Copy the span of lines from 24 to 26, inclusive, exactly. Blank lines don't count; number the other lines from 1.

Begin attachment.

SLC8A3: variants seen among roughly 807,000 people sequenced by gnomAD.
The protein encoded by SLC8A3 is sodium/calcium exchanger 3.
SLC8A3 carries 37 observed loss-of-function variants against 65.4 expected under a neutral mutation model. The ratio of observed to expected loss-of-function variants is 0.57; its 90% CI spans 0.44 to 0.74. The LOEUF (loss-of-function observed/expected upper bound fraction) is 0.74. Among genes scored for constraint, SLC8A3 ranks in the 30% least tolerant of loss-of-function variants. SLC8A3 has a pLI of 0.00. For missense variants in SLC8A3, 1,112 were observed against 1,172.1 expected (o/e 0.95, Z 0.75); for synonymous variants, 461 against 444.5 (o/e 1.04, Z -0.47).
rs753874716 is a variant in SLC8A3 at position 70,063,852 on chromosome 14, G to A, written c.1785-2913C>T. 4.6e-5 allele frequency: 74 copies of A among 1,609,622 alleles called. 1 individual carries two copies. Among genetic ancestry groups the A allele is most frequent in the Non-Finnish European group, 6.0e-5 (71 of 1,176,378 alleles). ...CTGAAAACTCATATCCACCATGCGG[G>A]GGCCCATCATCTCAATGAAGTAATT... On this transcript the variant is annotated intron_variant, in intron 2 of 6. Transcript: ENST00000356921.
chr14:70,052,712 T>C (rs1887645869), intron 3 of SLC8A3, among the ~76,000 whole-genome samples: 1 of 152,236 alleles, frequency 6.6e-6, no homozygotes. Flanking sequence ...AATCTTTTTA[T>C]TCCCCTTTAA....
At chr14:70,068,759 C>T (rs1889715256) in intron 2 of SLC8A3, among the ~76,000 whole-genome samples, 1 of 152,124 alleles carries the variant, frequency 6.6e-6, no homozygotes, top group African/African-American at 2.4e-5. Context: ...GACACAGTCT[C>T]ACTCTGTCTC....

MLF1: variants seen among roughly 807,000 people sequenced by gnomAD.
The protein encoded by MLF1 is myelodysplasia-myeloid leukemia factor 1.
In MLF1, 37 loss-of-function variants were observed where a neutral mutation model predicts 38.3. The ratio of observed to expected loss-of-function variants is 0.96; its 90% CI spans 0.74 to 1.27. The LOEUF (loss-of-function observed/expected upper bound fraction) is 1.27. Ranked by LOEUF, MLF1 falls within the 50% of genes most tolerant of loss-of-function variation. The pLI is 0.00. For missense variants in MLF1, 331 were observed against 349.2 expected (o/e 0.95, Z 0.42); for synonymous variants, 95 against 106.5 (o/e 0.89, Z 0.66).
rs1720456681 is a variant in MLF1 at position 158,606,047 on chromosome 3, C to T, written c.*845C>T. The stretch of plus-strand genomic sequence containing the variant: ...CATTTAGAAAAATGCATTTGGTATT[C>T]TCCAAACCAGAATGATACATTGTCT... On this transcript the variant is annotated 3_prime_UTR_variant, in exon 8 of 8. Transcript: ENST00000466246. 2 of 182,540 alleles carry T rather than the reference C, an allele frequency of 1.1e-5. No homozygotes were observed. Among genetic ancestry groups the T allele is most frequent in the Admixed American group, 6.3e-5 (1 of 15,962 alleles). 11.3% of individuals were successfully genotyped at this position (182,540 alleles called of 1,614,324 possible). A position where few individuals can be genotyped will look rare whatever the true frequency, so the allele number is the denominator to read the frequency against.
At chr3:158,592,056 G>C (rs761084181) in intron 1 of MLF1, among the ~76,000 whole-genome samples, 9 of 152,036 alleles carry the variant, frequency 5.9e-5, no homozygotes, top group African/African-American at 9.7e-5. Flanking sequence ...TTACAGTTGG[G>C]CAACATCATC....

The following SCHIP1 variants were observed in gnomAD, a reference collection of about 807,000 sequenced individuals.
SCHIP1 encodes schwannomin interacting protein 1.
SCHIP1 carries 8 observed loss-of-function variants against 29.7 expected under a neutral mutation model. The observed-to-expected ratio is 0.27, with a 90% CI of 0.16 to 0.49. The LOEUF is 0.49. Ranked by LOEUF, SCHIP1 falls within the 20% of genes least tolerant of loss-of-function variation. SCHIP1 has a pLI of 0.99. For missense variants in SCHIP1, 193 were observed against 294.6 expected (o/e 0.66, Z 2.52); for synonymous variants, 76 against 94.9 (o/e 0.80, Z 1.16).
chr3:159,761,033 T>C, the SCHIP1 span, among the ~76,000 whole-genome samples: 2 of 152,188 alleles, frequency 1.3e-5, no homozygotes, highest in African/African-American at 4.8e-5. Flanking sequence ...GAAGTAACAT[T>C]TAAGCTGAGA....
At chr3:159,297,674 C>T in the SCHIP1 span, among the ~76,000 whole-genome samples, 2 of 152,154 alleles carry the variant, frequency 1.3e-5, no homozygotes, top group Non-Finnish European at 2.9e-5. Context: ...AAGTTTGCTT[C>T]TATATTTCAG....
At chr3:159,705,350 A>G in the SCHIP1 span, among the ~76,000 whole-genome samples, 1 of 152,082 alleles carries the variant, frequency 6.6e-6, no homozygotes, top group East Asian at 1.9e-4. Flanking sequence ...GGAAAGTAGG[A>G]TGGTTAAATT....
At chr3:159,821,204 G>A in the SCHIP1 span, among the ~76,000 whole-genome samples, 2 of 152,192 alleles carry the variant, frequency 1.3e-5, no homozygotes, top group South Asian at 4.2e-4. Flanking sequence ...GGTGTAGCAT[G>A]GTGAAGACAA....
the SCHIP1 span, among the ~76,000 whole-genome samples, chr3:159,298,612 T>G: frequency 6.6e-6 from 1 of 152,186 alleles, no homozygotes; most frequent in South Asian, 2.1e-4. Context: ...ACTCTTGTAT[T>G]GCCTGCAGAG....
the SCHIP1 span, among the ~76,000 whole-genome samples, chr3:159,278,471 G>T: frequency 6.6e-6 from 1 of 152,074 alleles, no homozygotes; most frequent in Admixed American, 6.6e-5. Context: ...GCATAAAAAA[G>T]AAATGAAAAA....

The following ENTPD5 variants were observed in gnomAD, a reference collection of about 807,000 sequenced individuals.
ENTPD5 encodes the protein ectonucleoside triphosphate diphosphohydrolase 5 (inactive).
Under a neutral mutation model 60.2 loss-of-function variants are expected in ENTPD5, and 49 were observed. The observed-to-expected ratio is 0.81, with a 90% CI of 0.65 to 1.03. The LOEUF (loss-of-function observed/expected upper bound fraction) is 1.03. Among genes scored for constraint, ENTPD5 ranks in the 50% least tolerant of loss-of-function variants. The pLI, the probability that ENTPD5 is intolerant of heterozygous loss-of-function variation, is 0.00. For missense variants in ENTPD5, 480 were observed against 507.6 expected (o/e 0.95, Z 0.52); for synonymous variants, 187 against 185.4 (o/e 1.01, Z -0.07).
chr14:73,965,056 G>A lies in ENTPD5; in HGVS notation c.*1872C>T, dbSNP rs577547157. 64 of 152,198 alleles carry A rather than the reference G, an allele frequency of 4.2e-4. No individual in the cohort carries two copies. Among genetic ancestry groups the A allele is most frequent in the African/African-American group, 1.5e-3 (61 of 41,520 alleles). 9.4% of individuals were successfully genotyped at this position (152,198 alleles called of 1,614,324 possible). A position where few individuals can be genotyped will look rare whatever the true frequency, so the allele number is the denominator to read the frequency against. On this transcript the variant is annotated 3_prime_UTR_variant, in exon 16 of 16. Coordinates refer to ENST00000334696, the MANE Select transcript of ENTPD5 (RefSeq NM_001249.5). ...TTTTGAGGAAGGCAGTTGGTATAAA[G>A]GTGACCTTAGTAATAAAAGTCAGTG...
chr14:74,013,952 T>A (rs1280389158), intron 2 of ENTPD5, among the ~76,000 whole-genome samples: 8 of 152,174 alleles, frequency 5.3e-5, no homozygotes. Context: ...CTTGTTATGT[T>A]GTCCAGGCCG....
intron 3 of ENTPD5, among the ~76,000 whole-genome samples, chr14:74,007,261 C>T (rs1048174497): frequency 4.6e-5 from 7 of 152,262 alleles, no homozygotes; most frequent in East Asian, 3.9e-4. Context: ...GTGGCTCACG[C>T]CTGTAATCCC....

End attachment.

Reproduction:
chr14:73,965,056 G>A lies in ENTPD5; in HGVS notation c.*1872C>T, dbSNP rs577547157. 64 of 152,198 alleles carry A rather than the reference G, an allele frequency of 4.2e-4. No individual in the cohort carries two copies. Among genetic ancestry groups the A allele is most frequent in the African/African-American group, 1.5e-3 (61 of 41,520 alleles). 9.4% of individuals were successfully genotyped at this position (152,198 alleles called of 1,614,324 possible). A position where few individuals can be genotyped will look rare whatever the true frequency, so the allele number is the denominator to read the frequency against. On this transcript the variant is annotated 3_prime_UTR_variant, in exon 16 of 16. Coordinates refer to ENST00000334696, the MANE Select transcript of ENTPD5 (RefSeq NM_001249.5). ...TTTTGAGGAAGGCAGTTGGTATAAA[G>A]GTGACCTTAGTAATAAAAGTCAGTG...
chr14:74,013,952 T>A (rs1280389158), intron 2 of ENTPD5, among the ~76,000 whole-genome samples: 8 of 152,174 alleles, frequency 5.3e-5, no homozygotes. Context: ...CTTGTTATGT[T>A]GTCCAGGCCG....
intron 3 of ENTPD5, among the ~76,000 whole-genome samples, chr14:74,007,261 C>T (rs1048174497): frequency 4.6e-5 from 7 of 152,262 alleles, no homozygotes; most frequent in East Asian, 3.9e-4. Context: ...GTGGCTCACG[C>T]CTGTAATCCC....